Fortunately, the artisans who gathered in January to evaluate these and other baking qualities were up to the task.
Call it the Grains Olympics.
Tapped by the Greenmarket Regional Grains Project and its partners, a select group of esteemed baker-judges led by award-winning master baker and educator Jeffrey Hamelman met at Wide Awake Bakery in Trumansburg, NY, to score the performances of 7 different flours, each made with a different wheat variety. The scores will be combined with those of three other events -- how well the wheat can be cultivated, how easily it can be processed and milled, and how it tastes in the final loaf.
These trials lie at the heart of a USDA-funded "quality evaluation" that is scrutinizing the characteristics of 300 varieties, from ancient to modern to brand spankin' new. The goal is to equip farmers with the information they need to get into the grains business. The evaluation is a key piece of the “Value-Added Grains Project,” a long-term effort to help revive regional grains economies here and throughout the country.
Check out our Technical Assistance page to see the results!
We are still buzzed from the success of the NYC Brewer’s Choice event in February, hosted by Jimmy Carbone, owner of Jimmy’s 43 and host of Heritage Radio Network’s Beer Sessions Radio, and held at the Wythe Hotel. This year, the marquee event of NYC Beer Week focused on beer made entirely with malt from New York-grown grains. Over 25 brewers were pouring their truly local specialty IPAs, stouts, ales, and more. Craft brews made with spelt, danko rye and warthog wheat blew our expectations away. And of course we were thrilled to see pints flowing of our own Greenmarket Wheat beer, which we created with Brooklyn Brewery last summer. GRGP helped make the event possible, connecting brewers with the featured maltster, Valley Malt of Hadley, Mass.
Serendipity Single Malt
GRGP witnessed accidental greatness recently during a visit to Breuckelen Distilling, where we sampled a fresh batch of single malt whiskey in the company of the masterminds behind its creation: grain farmer Thor Oechsner, maltsters Andrea and Christian Stanley of Valley Malt, and head distiller and owner Brad Estabrooke.
“That single malt is certainly the most exciting thing we are doing at the moment,” said Brad.
And to think that the malt, which Brad called “perfect,” came from barley that was all but useless after being pounded by the 2013 rains.
Thor credits Andrea for rediscovering the lost art of “providence malting -- an old technique for sprouted barley,” he said. “She is the star here. She saved my crop for Brad. She figured out how to work with it.”
A budding regional grains system at work!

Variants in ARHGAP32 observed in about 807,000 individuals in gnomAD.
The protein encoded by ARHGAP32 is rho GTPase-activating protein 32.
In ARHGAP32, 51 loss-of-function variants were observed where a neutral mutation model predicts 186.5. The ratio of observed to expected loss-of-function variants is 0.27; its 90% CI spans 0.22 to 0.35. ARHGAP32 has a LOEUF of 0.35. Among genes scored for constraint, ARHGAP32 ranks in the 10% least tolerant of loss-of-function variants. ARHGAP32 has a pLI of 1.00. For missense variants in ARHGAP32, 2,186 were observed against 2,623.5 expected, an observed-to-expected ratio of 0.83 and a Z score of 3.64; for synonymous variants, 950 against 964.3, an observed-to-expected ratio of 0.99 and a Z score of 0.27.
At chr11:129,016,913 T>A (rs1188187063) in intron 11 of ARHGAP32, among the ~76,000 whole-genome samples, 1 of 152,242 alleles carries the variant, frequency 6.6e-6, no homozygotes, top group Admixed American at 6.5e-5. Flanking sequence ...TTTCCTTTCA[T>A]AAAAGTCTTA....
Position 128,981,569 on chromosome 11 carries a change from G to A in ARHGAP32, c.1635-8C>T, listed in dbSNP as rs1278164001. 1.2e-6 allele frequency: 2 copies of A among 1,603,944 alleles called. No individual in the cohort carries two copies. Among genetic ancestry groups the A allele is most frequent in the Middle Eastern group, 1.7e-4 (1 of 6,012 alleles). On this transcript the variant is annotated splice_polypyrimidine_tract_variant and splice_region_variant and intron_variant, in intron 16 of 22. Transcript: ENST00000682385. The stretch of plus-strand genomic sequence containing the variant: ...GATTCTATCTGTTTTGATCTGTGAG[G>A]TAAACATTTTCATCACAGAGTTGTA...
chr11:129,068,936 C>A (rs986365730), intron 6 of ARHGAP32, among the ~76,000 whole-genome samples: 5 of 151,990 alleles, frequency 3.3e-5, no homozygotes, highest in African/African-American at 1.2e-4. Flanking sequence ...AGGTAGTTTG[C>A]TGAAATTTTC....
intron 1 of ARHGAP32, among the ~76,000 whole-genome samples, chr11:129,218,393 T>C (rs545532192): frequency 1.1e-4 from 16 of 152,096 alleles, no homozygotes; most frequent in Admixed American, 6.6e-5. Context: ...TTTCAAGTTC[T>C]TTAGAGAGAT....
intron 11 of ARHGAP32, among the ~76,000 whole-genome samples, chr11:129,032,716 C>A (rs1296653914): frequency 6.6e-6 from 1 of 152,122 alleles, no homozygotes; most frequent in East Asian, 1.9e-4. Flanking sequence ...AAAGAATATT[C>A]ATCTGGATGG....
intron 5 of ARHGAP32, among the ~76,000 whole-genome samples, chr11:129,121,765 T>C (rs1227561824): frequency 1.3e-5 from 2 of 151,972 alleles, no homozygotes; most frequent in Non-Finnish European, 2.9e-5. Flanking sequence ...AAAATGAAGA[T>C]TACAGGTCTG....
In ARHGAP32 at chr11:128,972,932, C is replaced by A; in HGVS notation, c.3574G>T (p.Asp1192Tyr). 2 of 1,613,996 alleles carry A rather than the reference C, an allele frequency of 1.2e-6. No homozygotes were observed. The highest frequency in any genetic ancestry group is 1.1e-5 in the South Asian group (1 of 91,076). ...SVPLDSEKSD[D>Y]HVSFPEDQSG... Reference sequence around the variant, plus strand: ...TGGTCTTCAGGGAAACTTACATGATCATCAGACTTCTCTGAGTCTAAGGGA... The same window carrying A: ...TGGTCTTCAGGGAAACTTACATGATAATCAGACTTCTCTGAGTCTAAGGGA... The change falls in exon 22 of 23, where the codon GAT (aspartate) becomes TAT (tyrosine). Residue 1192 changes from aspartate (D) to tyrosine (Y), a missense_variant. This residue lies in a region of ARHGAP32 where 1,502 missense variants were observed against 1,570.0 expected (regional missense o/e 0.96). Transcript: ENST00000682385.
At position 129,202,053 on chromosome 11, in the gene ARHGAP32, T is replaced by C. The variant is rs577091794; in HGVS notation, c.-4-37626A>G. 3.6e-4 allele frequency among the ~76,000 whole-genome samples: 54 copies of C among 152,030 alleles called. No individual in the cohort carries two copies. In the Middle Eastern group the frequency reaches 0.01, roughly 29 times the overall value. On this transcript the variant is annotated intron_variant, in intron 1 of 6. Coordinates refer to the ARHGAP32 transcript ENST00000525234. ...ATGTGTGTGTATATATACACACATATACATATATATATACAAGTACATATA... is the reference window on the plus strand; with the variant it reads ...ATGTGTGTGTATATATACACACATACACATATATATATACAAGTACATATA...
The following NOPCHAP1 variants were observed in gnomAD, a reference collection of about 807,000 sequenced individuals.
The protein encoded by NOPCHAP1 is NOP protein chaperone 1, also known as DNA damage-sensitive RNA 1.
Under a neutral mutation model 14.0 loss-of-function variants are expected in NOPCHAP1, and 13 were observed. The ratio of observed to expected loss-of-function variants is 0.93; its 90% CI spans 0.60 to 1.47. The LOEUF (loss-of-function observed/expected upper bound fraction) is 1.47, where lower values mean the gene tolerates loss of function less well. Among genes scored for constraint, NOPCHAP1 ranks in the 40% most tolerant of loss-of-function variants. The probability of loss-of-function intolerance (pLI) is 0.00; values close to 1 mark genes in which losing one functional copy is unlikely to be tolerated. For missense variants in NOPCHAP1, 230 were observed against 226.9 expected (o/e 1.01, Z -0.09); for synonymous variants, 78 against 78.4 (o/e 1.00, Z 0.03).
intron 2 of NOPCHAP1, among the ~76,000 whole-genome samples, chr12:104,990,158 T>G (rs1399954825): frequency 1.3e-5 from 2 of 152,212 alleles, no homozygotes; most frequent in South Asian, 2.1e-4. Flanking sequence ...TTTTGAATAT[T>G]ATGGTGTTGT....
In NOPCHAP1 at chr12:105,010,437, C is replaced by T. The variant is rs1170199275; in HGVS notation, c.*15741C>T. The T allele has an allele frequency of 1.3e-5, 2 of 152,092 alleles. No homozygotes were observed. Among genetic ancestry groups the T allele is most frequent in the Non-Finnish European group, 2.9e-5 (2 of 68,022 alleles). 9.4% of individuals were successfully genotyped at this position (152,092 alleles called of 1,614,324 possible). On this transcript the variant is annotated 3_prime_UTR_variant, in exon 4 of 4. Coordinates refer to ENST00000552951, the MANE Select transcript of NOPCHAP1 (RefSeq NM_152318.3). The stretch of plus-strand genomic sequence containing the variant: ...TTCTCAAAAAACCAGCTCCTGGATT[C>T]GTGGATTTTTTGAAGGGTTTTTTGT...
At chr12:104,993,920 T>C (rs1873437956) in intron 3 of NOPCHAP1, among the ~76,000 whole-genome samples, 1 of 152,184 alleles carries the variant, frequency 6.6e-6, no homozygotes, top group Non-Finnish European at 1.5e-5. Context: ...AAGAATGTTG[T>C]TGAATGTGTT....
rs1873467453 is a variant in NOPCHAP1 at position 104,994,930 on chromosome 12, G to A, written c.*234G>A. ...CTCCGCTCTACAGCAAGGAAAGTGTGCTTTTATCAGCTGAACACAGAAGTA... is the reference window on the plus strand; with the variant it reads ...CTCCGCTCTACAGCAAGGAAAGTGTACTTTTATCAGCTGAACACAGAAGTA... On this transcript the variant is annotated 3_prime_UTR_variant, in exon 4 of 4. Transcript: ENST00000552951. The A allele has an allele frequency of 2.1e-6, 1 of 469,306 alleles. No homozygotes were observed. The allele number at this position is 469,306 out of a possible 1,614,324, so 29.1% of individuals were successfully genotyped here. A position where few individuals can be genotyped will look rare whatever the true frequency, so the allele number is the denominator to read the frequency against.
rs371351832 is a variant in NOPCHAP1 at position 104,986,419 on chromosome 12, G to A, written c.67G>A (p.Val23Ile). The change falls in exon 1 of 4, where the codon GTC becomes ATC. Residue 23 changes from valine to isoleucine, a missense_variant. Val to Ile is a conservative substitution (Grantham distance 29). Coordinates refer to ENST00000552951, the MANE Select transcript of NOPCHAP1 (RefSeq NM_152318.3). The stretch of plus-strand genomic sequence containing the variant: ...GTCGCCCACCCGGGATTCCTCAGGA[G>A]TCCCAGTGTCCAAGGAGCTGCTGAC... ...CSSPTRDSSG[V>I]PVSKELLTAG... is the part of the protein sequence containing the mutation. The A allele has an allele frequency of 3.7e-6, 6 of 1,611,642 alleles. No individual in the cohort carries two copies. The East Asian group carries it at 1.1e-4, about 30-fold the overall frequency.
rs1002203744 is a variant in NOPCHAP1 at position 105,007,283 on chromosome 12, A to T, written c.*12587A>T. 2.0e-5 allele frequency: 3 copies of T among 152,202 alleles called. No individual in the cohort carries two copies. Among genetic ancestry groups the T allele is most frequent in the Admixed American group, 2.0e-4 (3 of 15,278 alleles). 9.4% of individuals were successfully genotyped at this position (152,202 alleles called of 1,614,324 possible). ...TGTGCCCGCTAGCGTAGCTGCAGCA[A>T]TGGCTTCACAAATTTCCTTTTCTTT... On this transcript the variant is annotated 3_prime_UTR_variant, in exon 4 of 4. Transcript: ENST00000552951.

Just a few years ago the sprouted barley would have meant a major loss for Thor. Instead, the flourishing new markets of local malt, local whiskey and local beer mean that Thor can remain financially viable, continue feeding the regional demand for grains, and thrive as one of the region's finest farmers. And thanks to people like Andrea, Christian and Brad, that means we drinkers get to taste those grains in our favorite beers and spirits.
Here’s the story in Andrea’s words….
Visiting Breuckelen was the highlight of our visit to Brooklyn where we were able to see our malt in action. Being in a room together with the farmer and distiller is a rare occurrence for me as I am usually just hanging out with my malt, but not always seeing where it goes.
The backstory of the barley and the malt we made for Brad was really interesting, or at least interesting if you are a malt nerd like me. 2013 was a cruel year for grains in the Northeast. We were plagued with rain in the most inopportune times, especially right when the barley was supposed to be harvested. Thor’s winter barley was beautiful to look at, but under the surface something had happened when all that rain hit it after it had matured. The natural tendency of the barley seed is to sprout and reproduce. However we don’t want this to happen in the field, we want it to happen in the malthouse.
We identified that Thor’s barley had pre-harvest sprouting through a Falling-Numbers test and attempted to malt it with little luck. Textbooks say PHS is a deal breaker for the maltster. The first batches we tried to malt went for animal feed.
Then luck struck in November. The barley/malt/whisky Gods decided to intervene. Through the wisdom of a retired maltster, we learned of an adjusted steep schedule that would allow us to malt this PHS barley. We ran a few test batches, got things sprouting and BA-BAM we were making malt from Thor’s barley. We sent a few tons to Brad at Breuckelen and he was very happy with the results. In fact the lower PH mash that this malt produced was exactly what he wanted for this single malt whisky. Given the crazy turn of events, I think this should be called Serendipity Single Malt.
Join GRGP "Inside the Malthouse" with Andrea Stanley of Valley Malt, featured maltster at this year's Brewer's Choice
NYC Beer Week will throw the spotlight on New York-grown grains during its marquee NYC Brewer's Choice event, when regional brewers will be pouring pints of the specialty beers they created with malted grains grown entirely in the state. As a preview to this first-time extravaganza of truly local beer, the Greenmarket Regional Grains Project invites you Inside the Malthouse with Andrea Stanley, co-founder of Valley Malt in Hadley, Mass. Valley Malt is the first micro-malting facility to operate in the Northeast Region in over a century. Malts from Valley Malt will be featured at this year's Brewer's Choice.
Grain-Processing Workshop from the Value-Added Grains Project Proves Huge Success